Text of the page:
Redemption Comes through Christ – Part Three: Grace and Truth – 2 Nephi 2:5-9

You can read 2 Nephi 2:5-9 here. You can also find the rest of the Blogging the Book of Mormon entries here.

Context and General Information

  • Lehi, before his death, preaches to Jacob a final time.
  • People are instructed sufficiently to know good from evil.
  • We have the law.
  • The law justifies no one, in fact because of the law we are cut off – from God.
  • We are also cut off from God spiritually and will be miserable forever.
  • BUT, redemption comes through the Holy Messiah
  • Christ offers Himself as a sacrifice for sin to answer the ends of the law.
  • If we will come unto Him with a broken heart and contrite spirit, then His sacrifice will answer the ends of the law – and we will not be subject to misery or death.
  • It is important that everyone on this earth knows this message. No one can dwell in the presence of God, save it is through Christ – His merits, mercy, and grace. He laid down His life and took it again to bring pass the resurrection of the dead.
  • He will also stand an intercessor between us and God – saving us.

Redemption Comes through Christ: Grace and Truth

So, today we are continuing our study of 2 Nephi 2:5-9 – Redemption Cometh through Christ. In Part One, we studied the law. In Part two, we studied Redemption. Today, we are studying more about the Savior, the author of our Redemption.

Lehi taught:

“Wherefore, redemption cometh in and through the Holy Messiah; for he is full of grace and truth.” – 2 Nephi 2:6

I know that there is so much more to get through in this chapter, and that I could just skip ahead, but I am feeling drawn to the characteristics that Lehi used to describe the Holy Messiah. We will study that today, and hopefully it will give us more insight to our redemption and our relationship with the Savior.

Holy Messiah

First of all, the title that Lehi used to describe the Savior here was “Holy Messiah.” Let’s study that for a moment.

Time for the trusty dictionary:

Holy: (adjective)
1 :exalted or worthy of complete devotion as one perfect in goodness and righteousness

2 : divine

3 : devoted entirely to the deity or the work of the deity

4 a :having a divine quality

b :venerated as or as if sacred” – Merriam-Webster Online Dictionary: Holy

I know it might be tedious to you, but I can’t even estimate how grateful I am for a dictionary. Yes, I know what holy means, but for some reason, it always helps me to look these words up in the dictionary and get a much firmer grasp on what it is I’m studying.

As we read through these definitions, we see that the Savior absolutely qualifies. He is exalted and worthy of complete devotion. He is perfect in goodness and righteousness. He is divine. He is devoted entirely to the work of His father. He is sacred and divine.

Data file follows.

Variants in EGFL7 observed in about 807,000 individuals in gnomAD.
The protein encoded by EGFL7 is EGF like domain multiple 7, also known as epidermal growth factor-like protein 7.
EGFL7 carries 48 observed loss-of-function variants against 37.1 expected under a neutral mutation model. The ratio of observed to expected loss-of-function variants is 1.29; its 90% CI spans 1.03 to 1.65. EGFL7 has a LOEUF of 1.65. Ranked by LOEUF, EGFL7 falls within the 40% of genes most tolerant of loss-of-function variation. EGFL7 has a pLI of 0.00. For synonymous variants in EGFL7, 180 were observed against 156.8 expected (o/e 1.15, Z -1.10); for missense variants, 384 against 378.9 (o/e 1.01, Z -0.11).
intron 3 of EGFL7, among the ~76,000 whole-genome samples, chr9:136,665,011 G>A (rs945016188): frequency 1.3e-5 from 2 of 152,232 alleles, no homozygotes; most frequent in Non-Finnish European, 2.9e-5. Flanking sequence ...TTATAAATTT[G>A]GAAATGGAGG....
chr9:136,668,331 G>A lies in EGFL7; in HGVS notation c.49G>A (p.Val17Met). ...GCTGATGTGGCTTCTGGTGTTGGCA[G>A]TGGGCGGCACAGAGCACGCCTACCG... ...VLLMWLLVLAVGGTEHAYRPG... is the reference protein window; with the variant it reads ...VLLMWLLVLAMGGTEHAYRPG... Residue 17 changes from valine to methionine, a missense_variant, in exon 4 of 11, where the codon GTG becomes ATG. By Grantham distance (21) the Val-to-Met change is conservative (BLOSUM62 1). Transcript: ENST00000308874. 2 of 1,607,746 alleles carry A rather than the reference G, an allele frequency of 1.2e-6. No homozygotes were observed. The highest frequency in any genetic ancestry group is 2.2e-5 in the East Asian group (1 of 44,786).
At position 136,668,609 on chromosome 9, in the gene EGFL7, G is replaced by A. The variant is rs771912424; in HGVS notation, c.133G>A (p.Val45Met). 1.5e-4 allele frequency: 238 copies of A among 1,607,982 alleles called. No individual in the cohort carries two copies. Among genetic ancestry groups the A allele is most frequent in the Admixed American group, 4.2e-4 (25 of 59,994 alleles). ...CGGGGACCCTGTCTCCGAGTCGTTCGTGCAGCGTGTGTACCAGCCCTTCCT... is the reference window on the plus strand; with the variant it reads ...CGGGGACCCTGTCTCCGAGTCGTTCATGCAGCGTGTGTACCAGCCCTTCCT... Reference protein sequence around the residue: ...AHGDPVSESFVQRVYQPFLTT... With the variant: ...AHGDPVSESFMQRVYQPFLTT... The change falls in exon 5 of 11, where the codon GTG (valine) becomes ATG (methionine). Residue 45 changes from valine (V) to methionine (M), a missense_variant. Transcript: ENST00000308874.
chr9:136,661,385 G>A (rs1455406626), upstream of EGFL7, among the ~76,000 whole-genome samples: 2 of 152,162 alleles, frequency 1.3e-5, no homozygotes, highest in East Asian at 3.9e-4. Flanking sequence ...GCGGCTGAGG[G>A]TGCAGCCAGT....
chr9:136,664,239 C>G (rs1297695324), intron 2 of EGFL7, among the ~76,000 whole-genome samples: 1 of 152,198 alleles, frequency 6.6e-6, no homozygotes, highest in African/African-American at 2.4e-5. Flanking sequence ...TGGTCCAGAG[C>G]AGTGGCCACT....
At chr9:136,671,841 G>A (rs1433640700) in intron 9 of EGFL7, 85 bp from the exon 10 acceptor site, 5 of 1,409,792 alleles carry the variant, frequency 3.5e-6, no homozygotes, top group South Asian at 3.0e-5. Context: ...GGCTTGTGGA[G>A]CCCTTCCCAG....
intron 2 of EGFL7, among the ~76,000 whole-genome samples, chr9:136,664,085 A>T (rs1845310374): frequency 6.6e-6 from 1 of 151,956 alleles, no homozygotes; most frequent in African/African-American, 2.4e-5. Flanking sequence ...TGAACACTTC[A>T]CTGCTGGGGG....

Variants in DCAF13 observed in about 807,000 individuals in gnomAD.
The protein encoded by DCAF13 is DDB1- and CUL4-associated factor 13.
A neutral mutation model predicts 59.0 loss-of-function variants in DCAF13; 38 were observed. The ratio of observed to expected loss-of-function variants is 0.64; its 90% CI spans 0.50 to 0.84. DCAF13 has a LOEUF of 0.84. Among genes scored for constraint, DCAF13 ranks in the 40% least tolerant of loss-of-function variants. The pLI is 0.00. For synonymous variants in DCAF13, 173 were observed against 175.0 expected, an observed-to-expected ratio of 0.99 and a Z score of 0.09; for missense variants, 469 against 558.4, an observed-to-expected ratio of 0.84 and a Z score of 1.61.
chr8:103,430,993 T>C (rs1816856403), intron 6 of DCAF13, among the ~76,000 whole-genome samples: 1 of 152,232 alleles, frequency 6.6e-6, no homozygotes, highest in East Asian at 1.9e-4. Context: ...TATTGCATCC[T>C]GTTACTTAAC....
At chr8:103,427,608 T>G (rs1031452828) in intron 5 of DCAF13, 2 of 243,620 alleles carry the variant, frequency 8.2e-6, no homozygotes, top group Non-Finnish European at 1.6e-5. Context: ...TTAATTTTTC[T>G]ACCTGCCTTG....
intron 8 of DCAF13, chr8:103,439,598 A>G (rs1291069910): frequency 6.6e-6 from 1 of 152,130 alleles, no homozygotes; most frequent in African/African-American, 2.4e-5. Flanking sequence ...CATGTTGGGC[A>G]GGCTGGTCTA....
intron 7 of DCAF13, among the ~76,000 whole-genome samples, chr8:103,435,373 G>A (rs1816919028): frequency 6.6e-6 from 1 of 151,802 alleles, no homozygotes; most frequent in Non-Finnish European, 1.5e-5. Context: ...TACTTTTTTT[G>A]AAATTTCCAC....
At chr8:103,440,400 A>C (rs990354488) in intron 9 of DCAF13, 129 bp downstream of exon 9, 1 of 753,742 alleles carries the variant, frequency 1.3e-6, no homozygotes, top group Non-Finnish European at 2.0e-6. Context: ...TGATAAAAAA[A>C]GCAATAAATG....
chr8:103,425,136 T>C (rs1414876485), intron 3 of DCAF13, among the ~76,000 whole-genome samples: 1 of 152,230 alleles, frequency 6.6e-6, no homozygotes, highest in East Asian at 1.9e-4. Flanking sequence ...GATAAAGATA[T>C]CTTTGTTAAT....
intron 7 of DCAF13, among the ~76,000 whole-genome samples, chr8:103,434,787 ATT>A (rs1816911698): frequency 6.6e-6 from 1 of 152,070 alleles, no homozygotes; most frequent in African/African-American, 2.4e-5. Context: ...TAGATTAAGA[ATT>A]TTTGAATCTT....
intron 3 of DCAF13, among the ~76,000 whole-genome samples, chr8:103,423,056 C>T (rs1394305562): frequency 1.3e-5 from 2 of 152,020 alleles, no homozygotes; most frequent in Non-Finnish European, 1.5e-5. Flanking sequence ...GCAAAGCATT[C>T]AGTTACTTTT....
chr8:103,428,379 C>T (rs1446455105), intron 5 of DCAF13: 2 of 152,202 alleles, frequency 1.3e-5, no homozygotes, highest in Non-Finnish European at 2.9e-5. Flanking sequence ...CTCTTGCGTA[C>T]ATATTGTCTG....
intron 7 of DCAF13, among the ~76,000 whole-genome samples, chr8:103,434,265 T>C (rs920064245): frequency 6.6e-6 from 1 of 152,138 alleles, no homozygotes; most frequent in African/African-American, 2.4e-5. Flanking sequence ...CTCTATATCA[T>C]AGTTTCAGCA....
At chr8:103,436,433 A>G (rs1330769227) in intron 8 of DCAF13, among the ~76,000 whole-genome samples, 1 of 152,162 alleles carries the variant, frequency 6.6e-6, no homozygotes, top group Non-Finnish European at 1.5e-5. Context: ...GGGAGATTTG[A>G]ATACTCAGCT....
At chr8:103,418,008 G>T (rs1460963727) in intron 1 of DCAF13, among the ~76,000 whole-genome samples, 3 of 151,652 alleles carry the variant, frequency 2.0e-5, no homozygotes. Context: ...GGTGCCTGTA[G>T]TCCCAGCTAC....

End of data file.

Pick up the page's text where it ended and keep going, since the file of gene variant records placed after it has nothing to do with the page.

I suppose that we need to understand that Christ wasn’t just any old messiah. He was the Holy Messiah. He is the only one that would be capable of performing the redemption of souls.

The Bible dictionary can help us to better understand the title: Messiah:

“An Aramaic word meaning “the anointed.” … Used as the title of an office, it denotes the King and Deliverer whose coming the Jews were eagerly expecting. In the New Testament the deliverer is called the Christ, which is the Greek equivalent of Messiah, and Jesus the Messiah is called Jesus the Christ, Jesus Christ, or Christ Jesus.” – Bible Dictionary: Messiah

So, the Savior, Jesus Christ, will offer up a redemption. He was holy, perfect, righteous, and was anointed by God to do this work.

Grace

Now, onto grace. Let’s look that up in the dictionary:

Grace:
1a : unmerited divine assistance given to humans for their regeneration or sanctification
b : a virtue coming from God
c : a state of sanctification enjoyed through divine assistance

2a : APPROVAL, FAVOR
stayed in his good graces
b archaic : MERCY, PARDON
c : a special favor : PRIVILEGE
each in his place, by right, not grace, shall rule his heritage
— Rudyard Kipling
d : disposition to or an act or instance of kindness, courtesy, or clemency
e : a temporary exemption : REPRIEVE” – Merriam-Webster’s Online Dictionary: Grace

There are more definitions for the word grace, but I don’t want to bog this post down any more. The thing for us to realize is that the Savior, this perfect being who was anointed by God to deliver us, is full of grace. He is full of mercy, favor, kindness, clemency.

This is interesting to the think about. His work would be to perform the Atonement. And one of Christ’s characteristics is grace. I would think that He would have needed to develop this characteristic in order for Him to do His work.

And you know, I think it also applies to each of us, too. I want to follow the example of the Savior in my life – in fulfilling my role and purpose on this earth. And I’m finally beginning to see that many of my personality traits are tailored to help me to do the work that I was sent here to do. God really knows each of us. He will enable us to fulfill the measures of our personal creation.

So, in order to fulfill the role of Holy Messiah – and to redeem us – the Lord was blessed with the divine quality of grace. And we are the beneficiaries of this amazing trait!

Truth

This time a definition that comes from the scriptures (it is my favorite definition of truth!)

“And truth is knowledge of things as they are, and as they were, and as they are to come;” – Doctrine and Covenants 93:24